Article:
Replacing a toilet? Any gotchyas before I tear into this today?

Post in 'DIY and General non-hearth advice' started by wahoowad, Oct 22, 2011.

  1. Hogwildz

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    Had that same problem in my old place. Wondered why the toilet rocked after changing the toilet.
    A few years later I remodeled that bathroom, and installed laminate flooring over the entire floor. Small bathroom, maybe 4' x 5'. Had to get longer flange bolts, but his time it gave the toilet a flat surface o rest on.
    Problem solved LOL, after a few years and a remodel. I would suggest either shimming it or looking for a toilet that has a taller base flange, enough to accommodate the height of you drain flange. Plumbing sucks, toilets suck even more!
     
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  2. snowleopard

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    Jay's right, here. That's what I did, bought a double-thick one and pitched the one that came with the toilet. Reading this thread reminded me of how much of that day I've mercifully blocked out.
     
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  3. smokinj

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    Had lots of those days! ;-)
     
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  4. btuser

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    No doubt plumbing is the worst. I've done everything from digging a ditch to mounting a weathervane and plumbing is hard, hard, hard. My first house was brass/lead.

    How high are we talking about? Enough to slip a tile underneath (probably the plumber's intention)? If that's the case I'd take a sawzall with a 10" blade and cut the pipe flush to the floor. Then get a new flange that mounts to inside of the 3" pipe and glue it in/attach it to the concrete floor. You'll lose a bit of diameter but the trap of your toilet is less than that regardless. For the love of GOD, make sure you line up the tank bolts before you glue it! After this you don't get a 2nd chance.
     
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  5. pastera

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    +1

    So much easier....
     
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  6. bjkjoseph

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    cant rely on the johnny bolts to hold down the toilet..set the bowl down on some plaster of paris...level....tighten bolts...wipe up with wet sponge...that bowl wont rock..and it will be level.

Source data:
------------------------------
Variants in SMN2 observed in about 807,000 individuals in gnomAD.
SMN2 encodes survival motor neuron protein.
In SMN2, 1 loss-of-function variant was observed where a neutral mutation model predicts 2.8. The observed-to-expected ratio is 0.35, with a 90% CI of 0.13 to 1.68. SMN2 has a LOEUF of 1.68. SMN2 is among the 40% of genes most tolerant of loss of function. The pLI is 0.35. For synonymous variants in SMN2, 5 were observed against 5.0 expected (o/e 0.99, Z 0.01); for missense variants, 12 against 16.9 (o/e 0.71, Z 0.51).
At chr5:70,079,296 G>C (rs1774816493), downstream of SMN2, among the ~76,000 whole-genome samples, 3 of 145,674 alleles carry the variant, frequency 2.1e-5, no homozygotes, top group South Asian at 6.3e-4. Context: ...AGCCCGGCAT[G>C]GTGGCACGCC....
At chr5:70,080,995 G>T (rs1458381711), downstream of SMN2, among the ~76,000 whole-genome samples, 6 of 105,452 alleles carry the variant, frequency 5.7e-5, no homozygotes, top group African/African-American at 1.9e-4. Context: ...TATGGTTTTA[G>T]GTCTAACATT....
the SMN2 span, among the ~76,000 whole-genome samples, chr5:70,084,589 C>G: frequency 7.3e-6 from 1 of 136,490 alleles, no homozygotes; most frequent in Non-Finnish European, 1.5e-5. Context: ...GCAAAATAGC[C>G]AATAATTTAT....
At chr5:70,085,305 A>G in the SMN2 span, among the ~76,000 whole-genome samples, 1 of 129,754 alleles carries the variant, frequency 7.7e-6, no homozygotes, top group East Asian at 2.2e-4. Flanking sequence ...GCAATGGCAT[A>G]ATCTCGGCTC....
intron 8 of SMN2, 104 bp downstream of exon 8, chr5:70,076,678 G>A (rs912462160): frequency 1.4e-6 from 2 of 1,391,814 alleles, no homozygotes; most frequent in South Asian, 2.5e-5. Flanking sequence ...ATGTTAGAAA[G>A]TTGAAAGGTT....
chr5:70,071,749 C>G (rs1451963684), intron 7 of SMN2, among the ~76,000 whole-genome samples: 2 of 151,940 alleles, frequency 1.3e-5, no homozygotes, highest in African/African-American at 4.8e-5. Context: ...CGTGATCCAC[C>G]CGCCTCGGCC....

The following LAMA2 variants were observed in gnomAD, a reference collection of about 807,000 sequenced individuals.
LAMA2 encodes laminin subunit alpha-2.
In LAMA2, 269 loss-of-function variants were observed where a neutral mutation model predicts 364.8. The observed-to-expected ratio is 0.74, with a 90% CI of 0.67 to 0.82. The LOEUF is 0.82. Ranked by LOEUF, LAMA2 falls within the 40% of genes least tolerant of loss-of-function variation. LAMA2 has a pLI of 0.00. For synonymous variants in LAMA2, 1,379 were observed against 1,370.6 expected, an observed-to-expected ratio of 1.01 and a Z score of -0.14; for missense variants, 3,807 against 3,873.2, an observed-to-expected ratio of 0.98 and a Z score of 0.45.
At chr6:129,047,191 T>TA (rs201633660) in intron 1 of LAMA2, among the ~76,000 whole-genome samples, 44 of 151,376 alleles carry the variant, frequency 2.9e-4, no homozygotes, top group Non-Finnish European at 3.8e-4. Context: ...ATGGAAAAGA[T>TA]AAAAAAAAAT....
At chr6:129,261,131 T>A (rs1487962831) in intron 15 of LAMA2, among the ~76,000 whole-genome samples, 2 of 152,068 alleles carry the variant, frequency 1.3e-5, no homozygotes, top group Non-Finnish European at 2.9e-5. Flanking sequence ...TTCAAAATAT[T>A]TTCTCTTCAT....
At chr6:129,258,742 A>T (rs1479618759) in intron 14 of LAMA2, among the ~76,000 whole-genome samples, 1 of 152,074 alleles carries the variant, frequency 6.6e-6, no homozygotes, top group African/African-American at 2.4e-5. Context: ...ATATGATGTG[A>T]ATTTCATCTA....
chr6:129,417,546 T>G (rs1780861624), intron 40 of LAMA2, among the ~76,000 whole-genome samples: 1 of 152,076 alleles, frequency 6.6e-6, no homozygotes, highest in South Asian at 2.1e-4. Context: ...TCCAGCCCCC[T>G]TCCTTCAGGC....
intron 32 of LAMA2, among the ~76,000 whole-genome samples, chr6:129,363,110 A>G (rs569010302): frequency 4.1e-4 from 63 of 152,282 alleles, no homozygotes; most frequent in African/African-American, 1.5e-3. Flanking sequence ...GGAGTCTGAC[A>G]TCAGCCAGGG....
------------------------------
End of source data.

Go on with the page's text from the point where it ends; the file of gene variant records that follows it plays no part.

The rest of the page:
7. wahoowad

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    Yes, it sure looks like tiling the floor would solve my problem. That is the long term plan but want to remodel the entire bathroom (shower, vanity, floor) and just not ready for that. Toilet really needed it (was embarrassing) so was OK paying twice down the road for a second reset of the toilet. Sort of unsure what to do because fixing it for laminate may make it unusable if floor gets tiled.

    I saw this done on youtube. Would the grout adhere to both the tank and the vinyl floor such that it would stabilize the tank and prevent it from moving?
     
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  8. Jack Straw

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    If you have a flexible supply "hose" to the toilet it's a good idea to replace it. They tend to get a groove in the rubber fittings and leak when you install it on the new toilet. I use a sponge to get the water out of the toilet.
     
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  9. bluedogz

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    Nope. Grout is not very flexible, nor is it likely to adhere to vinyl.

    If the previous installer left space for tiling, then cutting the flange is a recipe for trouble. How about just get $2 worth of tiles at the hardware store, shim up the bowl with those, then when you do the big project just throw them away.
     
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  10. firefighterjake

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    Plumbing . . . perhaps the one thing I hate doing since it always seems as though I mess something up each and every time. In fact, when things go right the first time with no leaks, drips or other problems I've always worried that I simply am not seeing some major problem.
     
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  11. btuser